The word solstice comes from the Latin sol (sun) and sistere (to stand still). On winter solstice, the sun stands still at the furthest point from the Northern Hemisphere. As seen from the Earth, the sun’s seasonal movement comes to a full stop at the solstice before reversing direction.
The changing of the days was observed by ancient civilizations from around the world. They may not have known the true reason why the sun stayed around longer in the summers, and went into hiding in the winters, but on the shortest day of the year, people spared no effort in celebrating the end of darkness and the beginning of light.
Winter Solstice Traditions and Rituals
Traditionally, the winter solstice is a major pagan festival. Rituals of rebirth have been celebrated for thousands of years, and people gather at Stonehenge to watch the sunrise on the shortest day.
Even the famous Christmas tree originated from celebrations of the winter solstice. Many ancient people believed winter came because the sun god was tired and weak. So they brought evergreens into the home as a reminder that green plants would grow again when the sun god is strong and that summer would return. Later on, as Christianity spread across Europe, the evergreens were absorbed into the new religion.
“This gave rise to an interesting play on words,” said Harry Yeide, a professor of religion at George Washington University. “In several languages, not just in English, people have traditionally compared the rebirth of the sun with the birth of the son of God.”
Coinciding nicely with the birth of Jesus Christ, winter solstice rituals of dinner feasts, gift-giving and decorative wreaths became what we know today as Christmas traditions. But really, they were for winter solstice. For instance, the mistletoe was a sacred plant called “All Heal” in the Celtic religion. Ancient people believed it could cure diseases, ensure fertility and protect against witchcraft. So the magical plant was hung from doorways or rooms to offer goodwill to visitors.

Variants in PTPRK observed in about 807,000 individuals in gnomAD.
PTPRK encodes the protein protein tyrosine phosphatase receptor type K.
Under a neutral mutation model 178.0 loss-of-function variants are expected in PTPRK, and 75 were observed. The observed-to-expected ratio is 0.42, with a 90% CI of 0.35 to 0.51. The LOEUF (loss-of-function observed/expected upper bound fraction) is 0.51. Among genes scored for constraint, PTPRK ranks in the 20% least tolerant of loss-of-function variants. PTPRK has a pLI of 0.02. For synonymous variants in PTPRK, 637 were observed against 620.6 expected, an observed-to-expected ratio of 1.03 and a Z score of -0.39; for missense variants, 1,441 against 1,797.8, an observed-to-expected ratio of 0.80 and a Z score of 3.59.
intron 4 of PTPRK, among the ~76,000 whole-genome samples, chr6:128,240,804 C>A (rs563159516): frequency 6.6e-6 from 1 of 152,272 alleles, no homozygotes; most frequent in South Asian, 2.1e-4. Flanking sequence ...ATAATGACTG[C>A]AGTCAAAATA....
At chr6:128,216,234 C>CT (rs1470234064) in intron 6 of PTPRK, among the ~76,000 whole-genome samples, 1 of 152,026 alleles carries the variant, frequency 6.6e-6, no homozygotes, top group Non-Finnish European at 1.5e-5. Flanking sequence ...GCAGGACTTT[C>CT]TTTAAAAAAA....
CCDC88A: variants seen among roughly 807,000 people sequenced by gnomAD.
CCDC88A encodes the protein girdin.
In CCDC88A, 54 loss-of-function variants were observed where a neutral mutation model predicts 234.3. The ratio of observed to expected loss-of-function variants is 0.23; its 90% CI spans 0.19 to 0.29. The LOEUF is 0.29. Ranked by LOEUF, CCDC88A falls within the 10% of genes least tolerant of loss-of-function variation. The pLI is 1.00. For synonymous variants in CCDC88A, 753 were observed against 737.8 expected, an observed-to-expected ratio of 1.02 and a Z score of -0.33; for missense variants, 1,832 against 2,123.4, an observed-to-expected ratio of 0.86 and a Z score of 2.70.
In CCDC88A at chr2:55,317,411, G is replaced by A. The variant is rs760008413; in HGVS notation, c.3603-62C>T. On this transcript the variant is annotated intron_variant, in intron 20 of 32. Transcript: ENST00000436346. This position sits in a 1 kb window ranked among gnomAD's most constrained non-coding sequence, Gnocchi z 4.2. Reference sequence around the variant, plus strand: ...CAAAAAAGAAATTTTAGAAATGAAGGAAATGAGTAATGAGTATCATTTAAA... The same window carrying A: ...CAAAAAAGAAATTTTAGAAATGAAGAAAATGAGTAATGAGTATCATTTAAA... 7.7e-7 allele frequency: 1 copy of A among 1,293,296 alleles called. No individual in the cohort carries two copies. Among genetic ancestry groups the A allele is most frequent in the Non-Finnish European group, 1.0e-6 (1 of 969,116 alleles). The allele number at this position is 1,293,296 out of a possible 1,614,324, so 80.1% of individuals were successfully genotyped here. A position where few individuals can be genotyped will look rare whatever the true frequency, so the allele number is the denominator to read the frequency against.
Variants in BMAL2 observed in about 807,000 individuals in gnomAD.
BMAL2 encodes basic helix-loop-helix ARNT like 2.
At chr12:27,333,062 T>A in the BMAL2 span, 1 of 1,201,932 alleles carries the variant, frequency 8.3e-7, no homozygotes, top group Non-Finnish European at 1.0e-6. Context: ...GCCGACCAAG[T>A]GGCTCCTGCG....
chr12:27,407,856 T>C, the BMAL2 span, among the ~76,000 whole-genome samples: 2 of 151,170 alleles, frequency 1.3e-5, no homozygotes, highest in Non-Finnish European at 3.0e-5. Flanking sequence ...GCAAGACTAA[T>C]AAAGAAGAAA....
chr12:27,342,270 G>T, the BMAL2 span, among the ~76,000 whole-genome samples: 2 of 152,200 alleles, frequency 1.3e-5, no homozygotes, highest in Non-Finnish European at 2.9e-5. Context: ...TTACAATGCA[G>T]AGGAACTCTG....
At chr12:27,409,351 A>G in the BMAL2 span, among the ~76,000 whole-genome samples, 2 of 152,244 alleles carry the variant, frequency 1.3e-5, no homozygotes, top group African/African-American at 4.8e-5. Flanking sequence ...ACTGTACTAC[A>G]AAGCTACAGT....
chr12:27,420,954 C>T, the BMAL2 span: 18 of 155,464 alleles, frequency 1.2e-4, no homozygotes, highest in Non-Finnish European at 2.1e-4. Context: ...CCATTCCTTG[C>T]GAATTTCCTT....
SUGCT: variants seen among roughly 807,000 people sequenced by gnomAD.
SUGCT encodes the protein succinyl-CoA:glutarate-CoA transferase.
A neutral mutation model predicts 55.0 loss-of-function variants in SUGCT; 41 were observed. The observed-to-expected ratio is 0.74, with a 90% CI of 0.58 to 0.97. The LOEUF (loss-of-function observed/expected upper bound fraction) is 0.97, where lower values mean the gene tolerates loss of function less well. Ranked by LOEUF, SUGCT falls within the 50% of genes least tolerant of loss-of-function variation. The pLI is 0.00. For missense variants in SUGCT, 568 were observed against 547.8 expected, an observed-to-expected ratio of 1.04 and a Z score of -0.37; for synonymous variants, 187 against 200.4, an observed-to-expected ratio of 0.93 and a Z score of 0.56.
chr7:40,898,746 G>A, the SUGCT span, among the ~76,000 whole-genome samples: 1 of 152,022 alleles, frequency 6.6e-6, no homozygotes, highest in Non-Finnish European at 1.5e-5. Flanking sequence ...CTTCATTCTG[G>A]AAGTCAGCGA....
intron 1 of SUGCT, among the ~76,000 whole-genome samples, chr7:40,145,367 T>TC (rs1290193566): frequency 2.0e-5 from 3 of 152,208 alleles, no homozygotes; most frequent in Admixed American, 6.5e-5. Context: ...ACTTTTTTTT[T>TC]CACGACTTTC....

In China, the winter solstice is called Dong Zhi, the “arrival of winter.” It is an important day for the family to gather for a big feast. Based on the Chinese lunar calendar, the festival falls between December 21 and 23. Popular dishes include dumplings and tang yuan (glutinous rice balls).
Create Your Own Winter Solstice Tradition
In ancient times, winter solstice rituals are a celebration of the rebirth of the sun. You too can create your own tradition to welcome the new season of longer days and shorter nights. Make a wreath of evergreens as a reminder of the arrival of spring. Or build a circle of candlelight with your friends, then blow out the candles and sit in darkness for a while before lighting one large candle in the center to symbolize your unity in the next year.
Winter Solstice Must-See Facts
Winter solstice was widely celebrated around the world. The Egyptians celebrated the return of Ra, god of the sun. Ancient Greeks had a similar festival called Leanea. The Roman Empire had Saturnalia. Scandinavian Norsemen called the winter solstice Yule.
What is your home-made ritual for winter solstice? Skiing? Sledding? Playing with your dog?